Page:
Archive for the 'rabbits' Category

Safe, Successful Rabbit Hunting

Wednesday, February 15th, 2017
Hunting rabbits and hares can be a rewarding challenge.

Hunting rabbits and hares can be a rewarding challenge.

This is Passport to Texas

Deer hunters are used to sitting quietly in a blind for—sometimes—hours before a buck or doe saunters into view. If they ever do. Increase your odds of harvesting game by hunting rabbits.

I mean, there is an abundance of rabbits across Texas.

Rabbit hunting is year-round and statewide. Heidi Rao, a hunter education specialist says rabbits don’t often stray into the wide open spaces, and suggests hunting the edges of their territory, such as fence lines or tree lines.

 A lot of people use .22 rifles, .22 pistols. Some people use 410 shotgun or 20-guage.

Rao recommends sticking with the .22s; shotguns are loud and can cause other rabbits to run erratically, reducing your odds of taking a safe shot.

The do zigzag. We always recommend making sure you have a safe background and that you can identify your target. So, we always want to make sure that you have a good still shot. So, make sure that they stop. Because it’s always difficult to hit a moving target if you don’t have a spray of pellets like a shotgun.

Besides, it was that shotgun blast that made the rabbits zigzag in the first place. Plus, a single shot from a .22 will go further to preserve the integrity of the meat.

Tomorrow—a recipe for making cottontail carnitas.

The Wildlife restoration program supports our series and works to promote shooting sports and hunting in Texas.

For Texas Parks and Wildlife…I’m Cecilia Nasti.

Hunting Rabbits and Hares in Texas

Tuesday, February 14th, 2017
Jackrabbit hiding behind prickly pear cactus.

Jackrabbit hiding behind prickly pear cactus.

This is Passport to Texas

People who hunt rabbits say they find it more engaging than waiting hours in a blind for a deer to visit a feeder.

Sometimes when you’re deer hunting, you might be sitting in a blind just being quiet and waiting and not see anything.

You don’t have to “bait and wait” with rabbits; they’re everywhere. Heidi Rao, a hunter education specialist, says rabbits and hares may be hunted year round, statewide.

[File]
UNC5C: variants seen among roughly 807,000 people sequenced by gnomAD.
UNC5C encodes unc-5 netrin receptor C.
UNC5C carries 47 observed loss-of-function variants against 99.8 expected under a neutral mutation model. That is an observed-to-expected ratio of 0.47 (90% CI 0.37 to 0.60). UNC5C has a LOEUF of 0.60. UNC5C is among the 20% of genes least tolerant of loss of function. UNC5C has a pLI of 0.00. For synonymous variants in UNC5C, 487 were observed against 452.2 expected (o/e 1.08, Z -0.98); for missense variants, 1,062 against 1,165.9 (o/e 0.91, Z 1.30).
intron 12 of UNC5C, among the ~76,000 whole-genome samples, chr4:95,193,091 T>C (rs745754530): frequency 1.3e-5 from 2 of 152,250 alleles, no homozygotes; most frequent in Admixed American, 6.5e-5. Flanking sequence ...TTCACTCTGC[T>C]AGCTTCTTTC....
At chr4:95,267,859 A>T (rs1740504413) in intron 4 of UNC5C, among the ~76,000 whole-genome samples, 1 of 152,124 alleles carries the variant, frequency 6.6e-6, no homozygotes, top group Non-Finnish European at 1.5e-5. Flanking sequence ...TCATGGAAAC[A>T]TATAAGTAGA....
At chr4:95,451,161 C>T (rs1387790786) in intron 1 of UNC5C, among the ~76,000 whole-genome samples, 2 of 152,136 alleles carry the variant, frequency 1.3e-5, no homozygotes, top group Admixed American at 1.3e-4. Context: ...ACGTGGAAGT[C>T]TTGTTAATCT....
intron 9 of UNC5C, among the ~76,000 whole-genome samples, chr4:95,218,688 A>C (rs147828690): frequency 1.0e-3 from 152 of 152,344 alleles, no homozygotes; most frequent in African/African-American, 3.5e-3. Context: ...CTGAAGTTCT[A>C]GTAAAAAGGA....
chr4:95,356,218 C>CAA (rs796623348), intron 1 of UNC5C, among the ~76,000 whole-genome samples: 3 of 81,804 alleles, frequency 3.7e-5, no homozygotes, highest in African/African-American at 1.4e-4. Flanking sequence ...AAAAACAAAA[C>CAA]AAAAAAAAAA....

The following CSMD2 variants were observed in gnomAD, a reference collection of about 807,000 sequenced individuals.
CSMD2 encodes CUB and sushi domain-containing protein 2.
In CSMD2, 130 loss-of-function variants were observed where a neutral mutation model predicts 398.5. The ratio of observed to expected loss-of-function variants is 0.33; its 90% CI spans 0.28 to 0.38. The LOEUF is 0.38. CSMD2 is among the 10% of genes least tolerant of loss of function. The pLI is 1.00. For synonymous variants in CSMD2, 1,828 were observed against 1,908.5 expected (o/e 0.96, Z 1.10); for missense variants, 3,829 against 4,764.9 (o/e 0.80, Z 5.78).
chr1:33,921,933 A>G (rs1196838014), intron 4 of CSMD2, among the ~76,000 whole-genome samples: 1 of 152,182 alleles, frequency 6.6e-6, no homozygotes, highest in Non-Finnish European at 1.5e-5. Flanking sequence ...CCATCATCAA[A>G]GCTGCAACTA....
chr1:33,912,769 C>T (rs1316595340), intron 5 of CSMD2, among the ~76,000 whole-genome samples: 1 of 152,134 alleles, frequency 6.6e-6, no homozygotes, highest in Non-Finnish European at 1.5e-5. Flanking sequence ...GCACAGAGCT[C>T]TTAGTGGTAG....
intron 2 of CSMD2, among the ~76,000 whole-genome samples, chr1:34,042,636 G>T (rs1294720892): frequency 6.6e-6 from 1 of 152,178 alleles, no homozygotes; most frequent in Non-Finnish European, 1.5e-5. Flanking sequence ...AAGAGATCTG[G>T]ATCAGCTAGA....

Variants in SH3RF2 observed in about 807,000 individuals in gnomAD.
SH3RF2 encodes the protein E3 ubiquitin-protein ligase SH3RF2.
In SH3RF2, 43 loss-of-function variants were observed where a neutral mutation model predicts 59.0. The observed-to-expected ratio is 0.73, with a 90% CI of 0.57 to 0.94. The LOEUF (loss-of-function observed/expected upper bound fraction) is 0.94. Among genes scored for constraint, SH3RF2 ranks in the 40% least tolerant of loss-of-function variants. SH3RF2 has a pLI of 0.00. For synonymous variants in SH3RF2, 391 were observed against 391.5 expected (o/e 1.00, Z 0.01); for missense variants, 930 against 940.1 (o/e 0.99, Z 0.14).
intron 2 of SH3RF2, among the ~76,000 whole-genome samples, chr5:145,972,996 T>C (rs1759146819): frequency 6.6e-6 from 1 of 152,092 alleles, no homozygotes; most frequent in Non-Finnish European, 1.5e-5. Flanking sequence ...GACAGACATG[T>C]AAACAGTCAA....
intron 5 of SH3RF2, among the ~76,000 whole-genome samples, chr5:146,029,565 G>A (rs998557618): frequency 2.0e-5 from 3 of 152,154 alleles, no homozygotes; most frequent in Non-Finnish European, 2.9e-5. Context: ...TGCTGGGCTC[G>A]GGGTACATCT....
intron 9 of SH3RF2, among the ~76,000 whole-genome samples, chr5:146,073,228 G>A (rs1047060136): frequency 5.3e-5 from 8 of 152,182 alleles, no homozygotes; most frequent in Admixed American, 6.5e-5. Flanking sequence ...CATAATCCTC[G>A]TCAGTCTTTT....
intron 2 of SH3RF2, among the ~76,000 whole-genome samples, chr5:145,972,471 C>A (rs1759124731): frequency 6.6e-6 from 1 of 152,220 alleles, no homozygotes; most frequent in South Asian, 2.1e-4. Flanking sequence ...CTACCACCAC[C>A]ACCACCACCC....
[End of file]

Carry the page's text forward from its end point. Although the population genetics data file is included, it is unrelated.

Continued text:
In West Texas, you do have the larger jackrabbits. We do have some larger rabbits and hares down in South Texas. There is an abundance of rabbits across Texas.

A hunting license is still necessary. Rao says you can use a shotgun when rabbit hunting, but they tend to be loud.

If you plan on doing a day of rabbit hunting, and you’re using a shotgun, you could scare away some of the other rabbits in the area. They could hunker down and hide because of the noise. A .22 rifle or pistol is a lot quieter.

Heidi Rao offers tips on hunting rabbits.

The best way to hunt rabbits—they love cover. They hide near their food source. So that’s a great way to hunt rabbit, along what we call edge. Which is the edge of their habitat versus the open area.

Find hunting information by species on the Texas Parks and Wildlife website.

The Wildlife restoration program supports our series and works to promote shooting sports and hunting in Texas.

For Texas Parks and Wildlife…I’m Cecilia Nasti.

Rabbits Versus Hares — Some Differences

Monday, February 13th, 2017
Side-by-side comparison of a cottontail (left) and hare (right).

Side-by-side comparison of a cottontail (left) and hare (right).

This is Passport to Texas

A cottontail is a rabbit and a jackrabbit is a hare. And although they’re in the same family, they’re different species. Hares have longer ears and back legs than rabbits—and the differences don’t stop there.

One of the differences between hares and rabbits are the types of nests they build. And this is determined by the condition of their young at birth.

Heidi Rao is a hunter education specialist. She says true rabbits are born hairless, blind, and dependent on their mother’s care.

A young jackrabbit is actually born with his eyes open, and his body fully furred, and with the ability to hop around only moments after birth. It doesn’t need an elaborate nest to be reared.

Hares are less social, and they give birth and raise their young in above ground nests. Rabbits live in groups, and give birth and raise their young in underground burrows or warrens. There is one exception. The cottontail.

The eastern cottontail’s nest is a saucer-like depression three or four inches deep and about eight inches across. And they line it with mouthfuls of soft, dead grass mixes, and hair from the mother’s body.

Hares are more skittish than rabbits and do not make good pets. But they both are good eating. Hunting rabbits and hares…that’s tomorrow.

For Texas Parks and Wildlife…I’m Cecilia Nasti.